what the witnesses should testify hut
that the company's agent was trying
to find out what information they had
which might he of value at the hear
All witnesses testified to the im
provement in binders, and to the good
repair service during the last ten
LM Angeles, May 9.—lieutenant
Park, the military aviator, who start
ed from San Diego on a flight to Los
Angeles, was killed at OJive, nine
miles north of Santa Ana, this morn
ing. His machine hit a tree as he was
Talks on 'Town Development''
v ".Arranged for The For
Talk No. 40—-Are We Using Our Sckoolheuies?
This la worth trains la cvoiv town in America. ,^
Arranged exclusively for The Forum by an expert on community^buiiding inthe employ of th* Pub
licity committee of the Fargo Commercial Club.
To what use do we put our schoolhouses?
To be sure we conduct schools in them. But the big problem in business. today is the- overhead ex
pense arid the running of plants to their fullest capacity.
jj In our schoolhouses we have valuable plants that stand idle eighteen or nineteen hours each day
completely closed down two days each week and three months 'each year and, when in operation, only'
"(fart of the commuptiy gets any direct benefit from them. Isn't that so?
We are putting a lot of money into schoolhouses all of the time. Are we making them pay full divi
dends? Would any business concern in the country use its plant this way and expect to avoid bankruptcy
for any great length of time?
Time was when every schoolhouse in America was used to its full capacity. It was the place where
the ppople of the town or the neighborhood gathered for public meetings, for entertainments, for political
rallies—for every purpose for which neighbors want to get together.
Probably the principal thing that put an end to this use of the old fashioned schoolhouse was the
j»ew fangled kind of desks that are screwed to .the floor, but every really modern schoolhouse has Its as
tf^mbly rooms and gymnasium and other rooms that can be made comfortable enough for groWn-up8 as
"Hfell as for children, so why not use them and make the investment pay?
For every, purpose for which the neighborhood or school district requires a central meeting place.
For the neighborhod clubs, for example—the boys' club and the girls' club,'and the men's cliib and th'p/
women's club, and the mothers' club, apd the athletic club, and all sorts of clubs and neighborhood or
For branches of the public library, and for free lectures and entertainthents of all kinds for all pf
the people. Why shouldn't there be a public employment agency in every schoolhouse, for example?
Rochester, N. Y., was the first city to open its schoolhouses to the general public—every evening and
every Sunday—for all sorts of public purposes. "Buttressing the foundations of democracy," was what
Governor, now Supreme Court Justice, Hughes said the Rochester people were doing. Doing it at public
0xpense, too. Why not?
Wisconsin and California, recently passed laws that whenever the people of any school district want
to use the schoolhouse for any-community purpose the Bchool authorities must open the building, heat
and light it, and provide janitor service at the pyblic expense.
e e e i e n e i n e v e y i y a a s i e i s e e i e n i s a i e s u s i n a n e w e v e o e n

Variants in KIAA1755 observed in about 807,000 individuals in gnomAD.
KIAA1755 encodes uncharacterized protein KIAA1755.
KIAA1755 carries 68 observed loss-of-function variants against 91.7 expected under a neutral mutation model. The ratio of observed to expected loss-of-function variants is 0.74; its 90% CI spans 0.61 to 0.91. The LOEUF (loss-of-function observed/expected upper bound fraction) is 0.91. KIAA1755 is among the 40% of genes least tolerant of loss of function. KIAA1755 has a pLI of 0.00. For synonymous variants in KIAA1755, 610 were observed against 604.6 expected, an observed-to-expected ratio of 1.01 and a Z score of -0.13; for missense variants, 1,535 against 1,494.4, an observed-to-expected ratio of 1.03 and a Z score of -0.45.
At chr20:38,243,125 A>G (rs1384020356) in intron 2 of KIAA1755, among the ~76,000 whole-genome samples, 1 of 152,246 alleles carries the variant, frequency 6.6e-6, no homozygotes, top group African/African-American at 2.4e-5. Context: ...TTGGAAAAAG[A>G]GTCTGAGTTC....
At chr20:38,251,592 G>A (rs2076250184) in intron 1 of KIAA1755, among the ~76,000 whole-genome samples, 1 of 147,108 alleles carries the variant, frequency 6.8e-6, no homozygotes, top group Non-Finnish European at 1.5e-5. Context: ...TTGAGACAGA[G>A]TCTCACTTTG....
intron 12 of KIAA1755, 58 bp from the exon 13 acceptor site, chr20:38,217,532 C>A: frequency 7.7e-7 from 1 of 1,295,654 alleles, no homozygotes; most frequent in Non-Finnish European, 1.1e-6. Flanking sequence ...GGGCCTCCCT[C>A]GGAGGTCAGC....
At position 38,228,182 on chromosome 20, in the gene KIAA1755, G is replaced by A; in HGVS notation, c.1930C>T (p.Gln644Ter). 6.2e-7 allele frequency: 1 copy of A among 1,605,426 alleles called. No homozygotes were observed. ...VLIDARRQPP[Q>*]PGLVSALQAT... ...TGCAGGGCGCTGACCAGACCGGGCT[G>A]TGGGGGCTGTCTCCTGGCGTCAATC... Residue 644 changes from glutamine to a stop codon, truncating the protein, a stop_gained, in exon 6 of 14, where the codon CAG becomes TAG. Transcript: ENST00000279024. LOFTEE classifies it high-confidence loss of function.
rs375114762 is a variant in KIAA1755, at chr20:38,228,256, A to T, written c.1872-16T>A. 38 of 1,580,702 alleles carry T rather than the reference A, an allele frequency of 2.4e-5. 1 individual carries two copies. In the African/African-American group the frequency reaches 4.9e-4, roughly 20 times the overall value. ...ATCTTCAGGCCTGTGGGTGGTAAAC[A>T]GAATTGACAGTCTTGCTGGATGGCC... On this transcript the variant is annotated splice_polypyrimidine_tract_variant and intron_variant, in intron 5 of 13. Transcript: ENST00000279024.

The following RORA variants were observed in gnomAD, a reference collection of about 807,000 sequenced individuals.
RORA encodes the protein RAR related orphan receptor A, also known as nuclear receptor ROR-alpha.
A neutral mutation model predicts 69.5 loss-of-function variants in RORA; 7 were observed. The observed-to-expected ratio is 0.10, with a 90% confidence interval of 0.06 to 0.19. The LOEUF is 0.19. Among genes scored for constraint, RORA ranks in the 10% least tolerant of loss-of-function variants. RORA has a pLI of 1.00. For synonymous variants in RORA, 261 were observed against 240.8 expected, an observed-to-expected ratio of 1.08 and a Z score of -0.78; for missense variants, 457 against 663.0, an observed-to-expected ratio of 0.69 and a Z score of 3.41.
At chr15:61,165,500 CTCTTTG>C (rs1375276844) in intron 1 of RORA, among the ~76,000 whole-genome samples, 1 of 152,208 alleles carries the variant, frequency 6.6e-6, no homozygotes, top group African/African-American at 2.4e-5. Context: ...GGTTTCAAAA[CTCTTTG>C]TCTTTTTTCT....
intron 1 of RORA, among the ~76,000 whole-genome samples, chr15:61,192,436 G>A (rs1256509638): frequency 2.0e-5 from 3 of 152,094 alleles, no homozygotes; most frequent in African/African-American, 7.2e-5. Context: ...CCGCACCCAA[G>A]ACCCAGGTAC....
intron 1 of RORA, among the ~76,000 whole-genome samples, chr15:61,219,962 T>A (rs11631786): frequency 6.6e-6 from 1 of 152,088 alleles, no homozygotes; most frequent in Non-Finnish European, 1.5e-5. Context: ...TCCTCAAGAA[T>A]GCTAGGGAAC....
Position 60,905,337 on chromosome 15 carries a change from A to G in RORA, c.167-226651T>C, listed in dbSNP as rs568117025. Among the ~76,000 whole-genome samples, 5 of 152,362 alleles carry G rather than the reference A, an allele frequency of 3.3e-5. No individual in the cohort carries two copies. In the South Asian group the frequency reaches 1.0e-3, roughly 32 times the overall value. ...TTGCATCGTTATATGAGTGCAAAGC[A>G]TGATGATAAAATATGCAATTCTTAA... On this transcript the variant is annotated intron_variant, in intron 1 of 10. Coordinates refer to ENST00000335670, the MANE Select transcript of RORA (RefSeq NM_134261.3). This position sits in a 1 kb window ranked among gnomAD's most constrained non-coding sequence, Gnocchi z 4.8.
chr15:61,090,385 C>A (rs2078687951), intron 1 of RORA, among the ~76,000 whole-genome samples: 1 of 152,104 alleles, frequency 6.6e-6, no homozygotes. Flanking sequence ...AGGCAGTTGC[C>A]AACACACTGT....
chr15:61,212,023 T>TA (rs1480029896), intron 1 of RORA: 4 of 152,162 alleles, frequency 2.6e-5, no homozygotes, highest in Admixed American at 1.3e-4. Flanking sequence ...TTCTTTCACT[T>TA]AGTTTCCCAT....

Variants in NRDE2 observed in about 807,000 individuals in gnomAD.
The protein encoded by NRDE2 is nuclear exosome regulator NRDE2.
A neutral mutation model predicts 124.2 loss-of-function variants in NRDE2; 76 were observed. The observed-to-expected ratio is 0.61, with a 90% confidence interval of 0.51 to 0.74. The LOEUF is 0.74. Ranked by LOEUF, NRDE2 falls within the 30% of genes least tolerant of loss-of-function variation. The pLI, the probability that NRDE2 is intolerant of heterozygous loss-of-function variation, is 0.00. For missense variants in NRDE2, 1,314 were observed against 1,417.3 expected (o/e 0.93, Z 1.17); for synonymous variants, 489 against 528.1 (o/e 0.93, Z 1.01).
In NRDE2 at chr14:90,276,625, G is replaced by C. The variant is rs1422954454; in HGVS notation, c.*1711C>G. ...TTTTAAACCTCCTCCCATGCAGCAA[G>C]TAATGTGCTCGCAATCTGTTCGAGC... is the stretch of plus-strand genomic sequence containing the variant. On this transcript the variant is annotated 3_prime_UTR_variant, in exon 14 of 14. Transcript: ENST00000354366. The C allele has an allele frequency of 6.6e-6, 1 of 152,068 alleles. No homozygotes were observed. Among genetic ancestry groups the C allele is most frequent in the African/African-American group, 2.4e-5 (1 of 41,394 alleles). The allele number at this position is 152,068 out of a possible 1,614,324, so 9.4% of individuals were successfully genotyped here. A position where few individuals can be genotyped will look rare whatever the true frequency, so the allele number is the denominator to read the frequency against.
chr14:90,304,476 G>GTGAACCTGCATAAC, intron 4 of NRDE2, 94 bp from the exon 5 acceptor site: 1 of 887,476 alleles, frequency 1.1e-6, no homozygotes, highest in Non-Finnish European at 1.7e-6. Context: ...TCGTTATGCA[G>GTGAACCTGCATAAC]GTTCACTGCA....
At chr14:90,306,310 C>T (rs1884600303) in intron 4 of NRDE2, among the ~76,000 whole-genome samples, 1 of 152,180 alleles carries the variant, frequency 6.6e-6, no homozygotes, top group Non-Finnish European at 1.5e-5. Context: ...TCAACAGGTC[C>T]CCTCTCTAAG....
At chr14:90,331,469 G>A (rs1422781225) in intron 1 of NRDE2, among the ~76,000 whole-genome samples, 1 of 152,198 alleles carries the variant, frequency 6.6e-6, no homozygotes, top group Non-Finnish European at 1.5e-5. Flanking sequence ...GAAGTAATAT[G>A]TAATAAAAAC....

of the neighborhood spirit—which is the community spirit—and does incalculable good in combatting the
eyils that arise because the young people—and the 'Qldt-*-have no place to go evenings except to some
in place that is run for commercial profits.
FARGO, NORTH DAKOTA, FRIDAY EVENING, MAY 9, 1913. REPUBLICAN ESTABLISHED SEPT. 5, 1878.
WEST VIRGINIA GOVERNOR
CALLS SENATOR KERN LIAR.
The fiery Governor Hatfield of
West Virginia has gone so far in
defending his state against the at
tack of Senator Kern and others
who want an investigation of la
bor conditions among the miners
there that he had called the lead
er of the majority In the United
States senate a liar.
Senator Kern has a resolution
before the upper chamber for an
investigation. He believes that
what constitutes peonage exists in
some of the mining districts of the
"I wish to state that Senator
Kern's charge is a fabrication out
of whole cloth," said the governor.
"He saiid one newspaper man was
ejected from the trial of "Mother'
Jones. This is a wilful and de
liberate lie on the part of those
who informed the senator."
I. H. G. ACS !,! OF
St. Paul, Minn., May 9.—Testimony
showing that the farmers and imple
ment dealers who were to testify in
the government suit against the Inter
national Harvester Co. here, had a
meeting with the general agent of the
company at Winona, Minn., recently,
and talked over th© testimony they
might give, was given at the hearing
Mr. Mullefibach, First Gradu
ate Will Also Speak
Dr. Walters and Prof, Squires
This commencement at Fargo col
lege is destined to be one of the most
impressive ever held.
The speakers have been chosen,
men of the highest possible calibre.
Professor Squires of the N. D. U.
will deliver the preparatory com
mencement address June 14.
Sunday afternoon. June 15, Rev. Dr.
Walters will deliver the baccaluerate
Mr. Mullenbach, the fl^st graduate
of Fargo college, now one of the
greatest social workers in America,
will come from Chicago to speak to
the Y. M. C. A.—Y. W. C. A. audience
Sunday evening, June 1&.
Wednesday, June 18, Rev. Mr. Gor
don, the eloquent orator of Winnipeg
will deliver the commencement ad
F. C. CLASS
Splendid List ef Speakers for
But the last session of the legisla
ture passed an act designating the
first Sunday in June as Mothers' day.
In accordance with this act Gov. L. B.
Hanna has issued a formal proclama
tion setting aside June 1 as Mothers'
Vienna, May 9.—Fire broke out in
Basear, the former Turkish fortress
at Scutari this morning and fanned by
a high wind, rapidly assumed huge
proportions. It is reported here that